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Loved the horse song and images!

And since PP&M were brought up, more to add to the list:


https://youtu.be/Y7lmAc3LKWM

Which reminds me of:


https://youtu.be/_EPsuOEH1fY

And:

https://youtu.be/4Qt57c7rnHM

Which leads to:


https://youtu.be/MsgXbSUMzR4

And:


https://youtu.be/n03g8nsaBro

And:


https://youtu.be/y3KEhWTnWvE


https://youtu.be/sonLd-32ns4

https://youtu.be/mw7i4KMEQuY


https://youtu.be/S8LFmtcBj7s

I'm getting carried away....


https://youtu.be/UGCiHev21mg


https://youtu.be/H34sUemjuw4

All these songs just have such beautiful and simple melodies.
 

Laura

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Aragorn said:
Since Seth Riggs and his Speech Level Singing" was brought up, I want to share some information related to that. I've spent years and years combing through all these various "singing schools", and also trying out the methods and techniques they offer. I hope that what I have to say, will save you from following completely false paths and charlatans.

Thanks for the rundown.

Plus, from my own point of view, why should we search outside the group for singing instruction when we have qualified singers/teachers right here on the forum?
 

Laura

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One more. Can't resist this one. If it sounds vaguely familiar it's because Elvis did a take-off on the melody with "I can't help falling in love..."


https://youtu.be/9jCIqEcvod8

A lovely choral version:

https://youtu.be/lrBtkqG_dxk

"Plaisir d'amour" (literally "The pleasure of love") is a classical French love song written in 1784 by Jean-Paul-Égide Martini (1741–1816); it took its text from a poem by Jean-Pierre Claris de Florian (1755–1794), which appears in his novel Célestine.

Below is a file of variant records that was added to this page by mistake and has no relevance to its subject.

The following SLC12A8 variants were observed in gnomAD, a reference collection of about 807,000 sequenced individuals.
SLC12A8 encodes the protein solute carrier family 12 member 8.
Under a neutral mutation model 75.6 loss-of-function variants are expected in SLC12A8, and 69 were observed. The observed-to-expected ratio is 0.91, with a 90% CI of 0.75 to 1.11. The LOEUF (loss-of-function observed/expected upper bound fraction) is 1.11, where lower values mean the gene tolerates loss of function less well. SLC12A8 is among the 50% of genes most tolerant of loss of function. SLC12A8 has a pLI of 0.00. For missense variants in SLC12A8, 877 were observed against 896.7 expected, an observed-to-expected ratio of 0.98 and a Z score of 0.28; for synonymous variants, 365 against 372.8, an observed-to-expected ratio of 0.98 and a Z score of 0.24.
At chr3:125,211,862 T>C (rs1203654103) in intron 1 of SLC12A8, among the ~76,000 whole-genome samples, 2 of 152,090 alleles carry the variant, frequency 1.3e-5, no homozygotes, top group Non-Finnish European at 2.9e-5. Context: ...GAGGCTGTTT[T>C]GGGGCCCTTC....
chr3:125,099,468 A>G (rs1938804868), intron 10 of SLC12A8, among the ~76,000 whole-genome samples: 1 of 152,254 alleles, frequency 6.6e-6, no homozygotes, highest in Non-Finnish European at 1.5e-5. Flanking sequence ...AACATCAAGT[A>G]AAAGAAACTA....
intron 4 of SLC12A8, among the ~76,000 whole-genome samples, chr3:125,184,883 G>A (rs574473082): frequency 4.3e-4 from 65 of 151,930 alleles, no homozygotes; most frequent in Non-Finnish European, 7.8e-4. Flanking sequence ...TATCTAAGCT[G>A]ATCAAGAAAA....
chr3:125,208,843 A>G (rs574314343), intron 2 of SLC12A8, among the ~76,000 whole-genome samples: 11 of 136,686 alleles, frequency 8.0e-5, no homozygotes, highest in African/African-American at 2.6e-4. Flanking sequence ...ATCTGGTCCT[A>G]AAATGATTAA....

The song was greatly successful in Martini's version. For example a young woman, Madame Julie Charles, sang it to the poet Alphonse de Lamartine during his cure at Aix-les-Bains in 1816, and the poet was to recall it 30 years later.[1]

Hector Berlioz arranged it for orchestra (H134) in 1859.[2] Louis van Waefelghem arranged the tune for viola d'amore or viola and piano in the 1880s. It has been arranged and performed in various pop music settings.

Which should remind us that we are entirely entitled to take songs and write new lyrics if we like.
 

Odyssey

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I took choir in elementary and junior high school and loved it. Even though the songs we sang were considered 'corny' by pop music standards they were very melodic with a lot of held notes and fun to sing. Hearing a group of people singing in harmony can send chills up the spine.


https://youtu.be/WyxXGdG3-Io
 

Laura

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Odyssey said:
I took choir in elementary and junior high school and loved it. Even though the songs we sang were considered 'corny' by pop music standards they were very melodic with a lot of held notes and fun to sing. Hearing a group of people singing in harmony can send chills up the spine.

I think we need to get over this "that is corny" thing. All the peeps chasing after non-corny seem to be destroying the planet so we can get off that train.

Here's some guys doing plaisir d'amour a capella. Just gorgeous.


https://youtu.be/ZCXCcrXkDxc

Probably my favorite melody of all time:


https://youtu.be/s4Tiz2dfuSI
 

Approaching Infinity

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Siberia said:
Very beautiful choir, thanks for sharing, Itellsya.

If anyone is willing to learn Russian through (choir) singing, I would also recommend trying Lyube, for example. It's a modern Russian group singing patriotic songs about Russia. They are also known as Vladimir Putin's favorite artists, he sometimes visits their concerts.

For those who can read music, I found this site with sheet music for Russian Orthodox hymns: http://music.russianorthodox-stl.org/. I'm gonna do some YouTubing and see if there are some good ones.

Here is one of their songs My Horse where a man is telling why he loves his Motherland. The melody is pretty simple and can be easily used for choir singing. Hope you enjoy it too:


https://youtu.be/n7gVzTULDPo

Here are two of my favorite versions of this song. First it can be done as a pretty nice duo:


https://youtu.be/sqNuLPt4MdI

And another, with Pelageya:

https://youtu.be/CpQlM4L3-7U